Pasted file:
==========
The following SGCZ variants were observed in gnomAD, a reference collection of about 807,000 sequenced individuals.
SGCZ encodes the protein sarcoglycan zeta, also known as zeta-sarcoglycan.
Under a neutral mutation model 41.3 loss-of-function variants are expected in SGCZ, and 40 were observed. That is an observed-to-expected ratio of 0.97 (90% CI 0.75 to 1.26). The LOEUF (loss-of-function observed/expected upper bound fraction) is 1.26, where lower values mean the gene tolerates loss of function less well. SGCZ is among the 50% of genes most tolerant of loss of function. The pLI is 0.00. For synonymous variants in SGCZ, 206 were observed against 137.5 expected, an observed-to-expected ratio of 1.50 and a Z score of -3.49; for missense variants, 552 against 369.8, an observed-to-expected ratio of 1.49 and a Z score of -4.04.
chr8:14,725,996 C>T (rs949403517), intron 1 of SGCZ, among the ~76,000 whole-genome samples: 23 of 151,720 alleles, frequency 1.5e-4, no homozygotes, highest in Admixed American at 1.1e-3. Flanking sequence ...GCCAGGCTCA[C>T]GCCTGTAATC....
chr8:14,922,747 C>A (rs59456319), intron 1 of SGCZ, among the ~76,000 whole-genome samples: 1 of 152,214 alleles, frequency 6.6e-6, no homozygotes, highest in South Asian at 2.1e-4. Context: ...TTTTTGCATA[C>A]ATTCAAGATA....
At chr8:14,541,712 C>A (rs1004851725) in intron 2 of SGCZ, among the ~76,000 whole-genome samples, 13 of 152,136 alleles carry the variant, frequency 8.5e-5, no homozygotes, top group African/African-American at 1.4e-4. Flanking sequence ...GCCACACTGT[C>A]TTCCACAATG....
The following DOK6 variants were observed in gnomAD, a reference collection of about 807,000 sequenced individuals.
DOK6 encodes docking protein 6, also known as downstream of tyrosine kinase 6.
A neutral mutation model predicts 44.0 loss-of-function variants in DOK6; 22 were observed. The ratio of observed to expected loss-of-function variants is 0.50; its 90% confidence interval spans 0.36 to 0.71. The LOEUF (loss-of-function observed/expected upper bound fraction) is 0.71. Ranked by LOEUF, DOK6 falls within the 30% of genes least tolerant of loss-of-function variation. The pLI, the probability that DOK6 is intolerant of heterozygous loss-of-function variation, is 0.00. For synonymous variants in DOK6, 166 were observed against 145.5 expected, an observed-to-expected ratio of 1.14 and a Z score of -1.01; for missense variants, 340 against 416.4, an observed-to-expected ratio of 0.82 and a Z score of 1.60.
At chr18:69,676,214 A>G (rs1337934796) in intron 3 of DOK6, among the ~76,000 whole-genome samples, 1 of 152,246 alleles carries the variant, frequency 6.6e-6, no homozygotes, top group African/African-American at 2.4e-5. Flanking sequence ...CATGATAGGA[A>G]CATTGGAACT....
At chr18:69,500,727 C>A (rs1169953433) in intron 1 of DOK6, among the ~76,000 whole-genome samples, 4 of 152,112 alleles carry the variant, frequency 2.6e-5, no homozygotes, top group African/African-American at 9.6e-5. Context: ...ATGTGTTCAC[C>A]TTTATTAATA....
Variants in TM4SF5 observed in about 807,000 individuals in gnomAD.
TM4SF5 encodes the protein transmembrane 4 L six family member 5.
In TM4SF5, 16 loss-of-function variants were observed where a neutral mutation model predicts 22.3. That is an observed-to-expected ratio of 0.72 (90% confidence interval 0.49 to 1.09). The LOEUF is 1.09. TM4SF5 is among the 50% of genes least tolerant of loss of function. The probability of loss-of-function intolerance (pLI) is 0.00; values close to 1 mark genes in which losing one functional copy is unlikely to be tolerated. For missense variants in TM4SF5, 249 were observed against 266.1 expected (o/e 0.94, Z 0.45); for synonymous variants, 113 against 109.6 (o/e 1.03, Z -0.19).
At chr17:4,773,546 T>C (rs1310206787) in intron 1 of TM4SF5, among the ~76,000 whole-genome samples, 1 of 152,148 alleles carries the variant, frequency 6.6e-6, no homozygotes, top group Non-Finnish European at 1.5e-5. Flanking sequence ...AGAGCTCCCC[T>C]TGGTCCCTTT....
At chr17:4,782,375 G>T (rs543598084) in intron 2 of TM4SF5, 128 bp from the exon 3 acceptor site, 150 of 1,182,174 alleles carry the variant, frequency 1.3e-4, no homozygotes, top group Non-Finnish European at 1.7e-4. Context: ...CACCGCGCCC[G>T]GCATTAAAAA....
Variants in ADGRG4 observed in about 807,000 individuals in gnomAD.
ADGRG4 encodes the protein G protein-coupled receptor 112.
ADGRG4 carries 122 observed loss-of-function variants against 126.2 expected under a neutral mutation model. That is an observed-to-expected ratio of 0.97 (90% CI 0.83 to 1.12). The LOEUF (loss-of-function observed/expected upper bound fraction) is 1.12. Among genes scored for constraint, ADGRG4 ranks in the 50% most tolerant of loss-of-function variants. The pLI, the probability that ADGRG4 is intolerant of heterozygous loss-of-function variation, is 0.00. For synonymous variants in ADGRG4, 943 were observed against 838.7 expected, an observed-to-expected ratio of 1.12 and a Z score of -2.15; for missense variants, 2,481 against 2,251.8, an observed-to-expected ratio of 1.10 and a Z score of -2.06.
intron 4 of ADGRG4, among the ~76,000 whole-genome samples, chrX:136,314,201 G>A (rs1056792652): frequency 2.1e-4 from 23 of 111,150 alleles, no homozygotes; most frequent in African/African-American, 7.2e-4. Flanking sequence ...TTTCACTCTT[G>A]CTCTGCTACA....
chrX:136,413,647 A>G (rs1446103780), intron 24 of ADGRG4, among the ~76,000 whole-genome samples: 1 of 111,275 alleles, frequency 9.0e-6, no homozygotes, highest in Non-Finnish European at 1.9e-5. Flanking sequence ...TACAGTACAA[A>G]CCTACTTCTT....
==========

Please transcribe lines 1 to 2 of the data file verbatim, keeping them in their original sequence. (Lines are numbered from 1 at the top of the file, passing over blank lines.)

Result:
The following SGCZ variants were observed in gnomAD, a reference collection of about 807,000 sequenced individuals.
SGCZ encodes the protein sarcoglycan zeta, also known as zeta-sarcoglycan.